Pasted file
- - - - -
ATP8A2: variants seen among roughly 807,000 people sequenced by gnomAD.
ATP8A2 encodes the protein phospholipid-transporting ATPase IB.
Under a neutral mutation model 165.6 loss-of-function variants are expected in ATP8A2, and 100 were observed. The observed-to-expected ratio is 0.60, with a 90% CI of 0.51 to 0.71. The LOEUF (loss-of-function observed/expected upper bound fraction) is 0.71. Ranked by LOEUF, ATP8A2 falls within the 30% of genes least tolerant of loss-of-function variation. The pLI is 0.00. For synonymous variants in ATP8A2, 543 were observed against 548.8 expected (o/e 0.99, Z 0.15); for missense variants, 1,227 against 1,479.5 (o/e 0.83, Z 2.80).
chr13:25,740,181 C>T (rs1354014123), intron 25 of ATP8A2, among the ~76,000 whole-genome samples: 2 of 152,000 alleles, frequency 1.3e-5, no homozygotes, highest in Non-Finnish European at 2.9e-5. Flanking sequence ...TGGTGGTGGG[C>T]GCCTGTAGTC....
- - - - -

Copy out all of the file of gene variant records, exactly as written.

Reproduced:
ATP8A2: variants seen among roughly 807,000 people sequenced by gnomAD.
ATP8A2 encodes the protein phospholipid-transporting ATPase IB.
Under a neutral mutation model 165.6 loss-of-function variants are expected in ATP8A2, and 100 were observed. The observed-to-expected ratio is 0.60, with a 90% CI of 0.51 to 0.71. The LOEUF (loss-of-function observed/expected upper bound fraction) is 0.71. Ranked by LOEUF, ATP8A2 falls within the 30% of genes least tolerant of loss-of-function variation. The pLI is 0.00. For synonymous variants in ATP8A2, 543 were observed against 548.8 expected (o/e 0.99, Z 0.15); for missense variants, 1,227 against 1,479.5 (o/e 0.83, Z 2.80).
chr13:25,740,181 C>T (rs1354014123), intron 25 of ATP8A2, among the ~76,000 whole-genome samples: 2 of 152,000 alleles, frequency 1.3e-5, no homozygotes, highest in Non-Finnish European at 2.9e-5. Flanking sequence ...TGGTGGTGGG[C>T]GCCTGTAGTC....